Early History

After a great deal of preliminary study, work, and planning, the Junior Service League of Oklahoma City was organized in March 1927, and in 1928 affiliated with the Association of Junior Leagues of America (A.J.L.A.).

The Charter Members were:

  • Helen Gloyd Hampton
  • Glory Huckins
  • Rebecca Lamb
  • Mrs. George Chase Lewis
  • Mrs. Harold McEwen
  • Bernice Mee
  • Mrs. Joseph F. Rumsey
  • Mrs. Stanton Thatcher
  • Mrs. Henry H. Turner
  • Mrs. Charles A. Vose

 

The Provisional Members were:

  • Mrs. Charles J. Bulkley
  • Mrs. Elizabeth Nichols Burwell
  • Mrs. L. Dudley Callahan
  • Mrs. Walker B. Comegys
  • Mrs. John B. Frederickson
  • Mrs. John C. Harrington
  • Mrs. Kent B. Hayes
  • Mrs. Wilbur E. Hightower
  • Mrs. Joseph S. Hoffman
  • Mrs. Roy Hoffman Jr.
  • Mrs. Hubert Hudson
  • Mrs. Robert K. Johnston
  • Mrs. George E. Lackey
  • Mrs. Russell Law
  • Mrs. Herbert M. Mee
  • Mrs. Clarence M. Mills
  • Mrs. Robert T. Moore
  • Mrs. Harry Newbill
  • Mrs. Phillip Pierce
  • Mrs. Kent S. Shartel
  • Mrs. Eloise Housel Shumate
  • Mrs. Thomas B. Slick
  • Mrs. Harrison M. Smith
  • Mrs. William O. Smythe
  • Mrs. Henry Snyder
  • Bland Sohlberg
  • Mrs. C. Edgar Van Cleef
  • Mrs. Francis R. Welsh
  • Vivian Cooter (Provisional Professional Member)

The Original Officers of JLOC were:

  • President, Mrs. Rumsey
  • Vice President, Mrs. Lewis
  • Recording Secretary, Bernice Mee
  • Corresponding Secretary, Glory Huckins
  • Treasurer, Rebecca Lamb.

Both Charter and Provisional members took courses in Parliamentary Law and studied the A.J.L.A. constitution, its bylaws, and history; also, a study was made of our local constitution and bylaws. After a certain amount of work credits, 26 Provisionals were admitted into Active membership.

Establishing a Community Center in Walnut Grove was our first major project. A play supervisor was employed, a library established, and two members were in attendance every afternoon to staff the much needed and soon appreciated project. The people of Oklahoma City quickly recognized that the Junior League was, in fact, truly going to add something to social and civic improvement, and that the members were willing to give personal service to worthy causes. This prompt recognition made possible a public response when the League later sought funds to carry on this work and provide them for future projects.

The first year’s work included a Motor Corps that provided transportation for children from the County Tubercular Sanitarium, Sunbeam Home, and Walnut Grove to other places for treatments and examinations.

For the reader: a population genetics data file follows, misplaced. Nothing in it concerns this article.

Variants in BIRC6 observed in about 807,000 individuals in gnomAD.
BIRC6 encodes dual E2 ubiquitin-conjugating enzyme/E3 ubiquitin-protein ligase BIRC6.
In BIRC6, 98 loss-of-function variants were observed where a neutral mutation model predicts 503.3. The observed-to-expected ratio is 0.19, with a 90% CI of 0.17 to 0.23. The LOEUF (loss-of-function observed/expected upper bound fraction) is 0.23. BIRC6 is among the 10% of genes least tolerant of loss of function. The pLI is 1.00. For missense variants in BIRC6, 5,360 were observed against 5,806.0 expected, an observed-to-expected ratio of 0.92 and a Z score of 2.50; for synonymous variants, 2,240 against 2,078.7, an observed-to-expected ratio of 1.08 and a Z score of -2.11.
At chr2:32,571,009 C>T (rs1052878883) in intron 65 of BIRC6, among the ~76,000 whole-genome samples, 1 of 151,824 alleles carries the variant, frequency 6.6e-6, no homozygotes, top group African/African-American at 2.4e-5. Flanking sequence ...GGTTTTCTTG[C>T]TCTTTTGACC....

During the first year, much effort was given to ways and means of raising money to pay off the Walnut Grove Community Center obligations, as membership dues amounted to only $330. A bridge party, a Chinese tea, selling Christmas cards, taking orders for Literary Guild books, sponsoring the Marianne Kneisel Quartette, a fashion show, and the Spanish Fiesta all took lots of real work. Our most meager results were from a rummage sale, the profits amounting to meager $5.95. However, the outgrowth of that relative hiccup turned into a successful community Thrift Store, which became The Remarkable Shop. In any event, our receipts for the year were $4,243.12, which left a surplus of $1,810.91 at the end of the first year.

During the year, the Bulletin was published three times. Of course, our greatest achievement was in being recognized and accepted by the Association of Junior Leagues of America. Junior League of Oklahoma City, as we know it, was born.

In the following year, we extended our volunteer service in the field of welfare work by establishing an Occupational Therapy Department in the Crippled Children’s Hospital and gave our first puppet shows.

In 1929-1930, a kindergarten teacher was engaged for Walnut Grove, and our cookbook was published. Beginning in the spring of 1930, and for several years thereafter, our biggest revenues came from an annual horse show in connection with the Southwest National Livestock Show and from fashion revues. Other notable dates in our early history include:

  • November of 1930 saw the opening of our well known Thrift Shop, The Remarkable Shop
  • Fall of 1931, the Junior League gave $1,000 to the Committee for Relief of Unemployed Women
  • June of 1932 started the highly successful The Health Center in Walnut Grove
  • May of 1934 was our first Regional Conference. The conference was successfully entertained in and during that year we also sponsored the “Town Hall Lecture Course”
  • Between 1934 – 1935 we had the honor of having Mex Rodman Frates serve as Regional Director

 

“From such a beginning the wonderful development of our League through the years is known to all  – may it continue its remarkable achievement of service to our community.”
– Mary B. Rumsey, President 1927 – 1928